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NASA's IMPACT Collaborates on Global Flood Detection Challenge

A joint NASA/Institute of Electrical and Electronic Engineers (IEEE) Geoscience and Remote Sensing Society (GRSS) competition is applying AI to the remote detection of floods.

Derek Koehl, NASA IMPACT Science Writer

Flooding events can have devastating consequences for people, ecosystems, and economies. Floods occur throughout the world, and a single major flood event can result in billions of dollars in damages. The hazards of operating ground-based equipment in flood zones and the limited physical access to flooded areas make it difficult to acquire information about flood extent on the ground. Accurately detecting floods and flood extent via remote means greatly aids in the process of mitigating and responding to these destructive events.

Side-by-side images showing the same area before flooding (left) and after historic flooding (right).

Before (left) and after (right) images showing the effect of persistent rain in March 2021 that led to historic flooding near Sydney, New South Wales, Australia. Both images were acquired by the Operational Land Imager (OLI) aboard the joint NASA/USGS Landsat-8 satellite and show the same region, with Sydney in the lower right corner. Left image: April 5, 2020. Right image: March 23, 2021. Click on image for larger view. Images: NASA Earth Observatory.

To help advance efforts to bring machine learning and artificial intelligence (AI) to the remote detection of floods, NASA’s Interagency Implementation and Advanced Concepts Team (IMPACT) is helping organize the Emerging Techniques in Computational Intelligence (ETCI) 2021 Competition on Flood Detection. The Institute of Electrical and Electronic Engineers (IEEE) Geoscience and Remote Sensing Society (GRSS) Earth Science Informatics Technical Committee (ESI TC) is joining IMPACT in coordinating this effort. The contest begins April 14 and takes place over two phases through July 1, when winners will be announced.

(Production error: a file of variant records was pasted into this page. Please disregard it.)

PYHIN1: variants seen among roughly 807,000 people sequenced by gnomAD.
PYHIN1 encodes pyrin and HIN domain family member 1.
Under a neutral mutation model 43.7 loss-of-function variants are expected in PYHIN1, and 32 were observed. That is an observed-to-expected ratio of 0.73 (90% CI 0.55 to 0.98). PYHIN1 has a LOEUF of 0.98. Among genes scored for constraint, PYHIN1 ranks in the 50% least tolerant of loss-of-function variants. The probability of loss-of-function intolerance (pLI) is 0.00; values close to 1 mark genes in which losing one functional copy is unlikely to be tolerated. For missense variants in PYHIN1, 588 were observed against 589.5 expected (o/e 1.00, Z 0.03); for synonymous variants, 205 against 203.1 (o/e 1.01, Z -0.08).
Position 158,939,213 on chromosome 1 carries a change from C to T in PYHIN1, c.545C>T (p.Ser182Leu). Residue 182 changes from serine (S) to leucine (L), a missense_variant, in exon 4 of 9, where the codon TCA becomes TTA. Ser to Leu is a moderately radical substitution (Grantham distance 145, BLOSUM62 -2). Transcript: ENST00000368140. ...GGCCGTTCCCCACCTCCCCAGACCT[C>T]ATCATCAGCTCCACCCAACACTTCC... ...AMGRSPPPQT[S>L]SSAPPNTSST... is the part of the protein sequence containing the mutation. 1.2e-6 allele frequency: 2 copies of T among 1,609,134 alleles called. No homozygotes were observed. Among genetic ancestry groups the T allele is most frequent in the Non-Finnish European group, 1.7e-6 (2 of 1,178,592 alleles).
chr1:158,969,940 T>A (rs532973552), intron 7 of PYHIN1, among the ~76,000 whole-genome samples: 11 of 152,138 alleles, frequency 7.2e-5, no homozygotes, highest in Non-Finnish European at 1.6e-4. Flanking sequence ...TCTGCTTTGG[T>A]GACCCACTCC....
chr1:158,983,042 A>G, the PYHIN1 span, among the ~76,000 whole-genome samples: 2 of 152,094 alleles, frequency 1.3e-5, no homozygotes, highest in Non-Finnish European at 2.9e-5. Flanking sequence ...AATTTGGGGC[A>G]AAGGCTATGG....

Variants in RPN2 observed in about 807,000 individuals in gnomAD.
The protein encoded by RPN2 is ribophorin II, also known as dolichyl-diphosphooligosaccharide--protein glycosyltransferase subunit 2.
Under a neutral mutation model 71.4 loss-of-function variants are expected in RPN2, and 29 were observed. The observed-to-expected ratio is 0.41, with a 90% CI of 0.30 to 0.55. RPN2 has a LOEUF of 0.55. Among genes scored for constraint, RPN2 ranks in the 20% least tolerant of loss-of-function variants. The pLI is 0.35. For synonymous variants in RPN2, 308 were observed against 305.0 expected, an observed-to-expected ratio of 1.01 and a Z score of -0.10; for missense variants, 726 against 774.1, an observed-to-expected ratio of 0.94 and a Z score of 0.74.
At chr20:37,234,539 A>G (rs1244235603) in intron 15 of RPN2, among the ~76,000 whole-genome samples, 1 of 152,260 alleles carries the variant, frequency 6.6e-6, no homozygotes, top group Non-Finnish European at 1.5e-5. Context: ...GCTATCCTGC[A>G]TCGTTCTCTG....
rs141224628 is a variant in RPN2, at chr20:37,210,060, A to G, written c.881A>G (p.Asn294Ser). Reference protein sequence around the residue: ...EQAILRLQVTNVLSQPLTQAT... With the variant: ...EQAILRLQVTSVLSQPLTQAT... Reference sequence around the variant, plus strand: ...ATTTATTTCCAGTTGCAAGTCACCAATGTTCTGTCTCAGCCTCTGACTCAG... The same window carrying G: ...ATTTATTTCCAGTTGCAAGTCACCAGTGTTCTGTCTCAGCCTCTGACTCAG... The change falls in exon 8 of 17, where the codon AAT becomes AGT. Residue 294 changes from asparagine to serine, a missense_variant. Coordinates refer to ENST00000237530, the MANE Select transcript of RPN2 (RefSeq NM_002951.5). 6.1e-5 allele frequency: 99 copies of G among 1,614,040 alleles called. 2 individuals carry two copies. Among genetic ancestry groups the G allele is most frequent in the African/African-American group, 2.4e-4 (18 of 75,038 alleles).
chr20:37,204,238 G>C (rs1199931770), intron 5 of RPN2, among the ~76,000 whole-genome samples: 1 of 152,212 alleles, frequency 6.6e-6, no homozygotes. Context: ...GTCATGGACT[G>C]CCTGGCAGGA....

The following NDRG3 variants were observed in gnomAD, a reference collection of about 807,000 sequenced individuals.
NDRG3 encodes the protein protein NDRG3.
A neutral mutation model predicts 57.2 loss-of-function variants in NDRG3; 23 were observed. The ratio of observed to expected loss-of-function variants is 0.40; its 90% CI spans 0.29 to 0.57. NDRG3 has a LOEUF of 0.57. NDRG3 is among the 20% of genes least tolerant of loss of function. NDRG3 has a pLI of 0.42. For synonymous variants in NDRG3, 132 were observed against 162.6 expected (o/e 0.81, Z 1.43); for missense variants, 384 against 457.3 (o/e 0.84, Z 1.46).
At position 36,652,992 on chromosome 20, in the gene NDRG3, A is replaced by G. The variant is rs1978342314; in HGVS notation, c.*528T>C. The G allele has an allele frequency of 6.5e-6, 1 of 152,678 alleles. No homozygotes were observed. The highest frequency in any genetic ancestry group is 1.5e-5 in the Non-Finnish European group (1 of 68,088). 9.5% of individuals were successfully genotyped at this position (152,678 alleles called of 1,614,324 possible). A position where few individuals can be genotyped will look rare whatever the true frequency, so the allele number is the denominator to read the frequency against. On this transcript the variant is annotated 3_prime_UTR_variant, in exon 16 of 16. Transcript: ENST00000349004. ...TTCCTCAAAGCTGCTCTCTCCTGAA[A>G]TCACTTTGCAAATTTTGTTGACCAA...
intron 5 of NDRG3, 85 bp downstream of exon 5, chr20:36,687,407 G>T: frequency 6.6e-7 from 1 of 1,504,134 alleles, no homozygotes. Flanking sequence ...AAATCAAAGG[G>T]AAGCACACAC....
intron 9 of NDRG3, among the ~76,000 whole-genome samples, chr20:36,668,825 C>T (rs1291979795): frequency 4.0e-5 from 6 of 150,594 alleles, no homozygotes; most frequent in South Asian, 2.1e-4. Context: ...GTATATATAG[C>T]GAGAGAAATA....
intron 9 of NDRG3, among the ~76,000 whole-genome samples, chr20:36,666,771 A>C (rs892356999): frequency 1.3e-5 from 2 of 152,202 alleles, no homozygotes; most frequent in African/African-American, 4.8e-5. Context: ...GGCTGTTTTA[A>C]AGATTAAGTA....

The challenge involves a supervised learning task – participants will develop algorithms to identify flood pixels after training their algorithm against a training set of synthetic aperture radar (SAR) images. Participants are required to submit binary classification maps, and performance of the submitted algorithms will be evaluated using the intersection over union (IOU) score, which is a popular evaluation metric for tasks such as segmentation, object detection, and tracking.

Dr. Manil Maskey, leader of the IMPACT Advanced Concepts Team, ESI TC chair, and one of the competition’s organizers, explains the reasoning behind the event:

We view data science challenge as a way to address the issue of scarcity of benchmark datasets to address problems with using AI within Earth science. Here, we are leveraging an open framework for community solution to benchmark curated training datasets for flood extent mapping, which allows us to maximize the potential use of Earth science data for advanced AI algorithm development and comparison.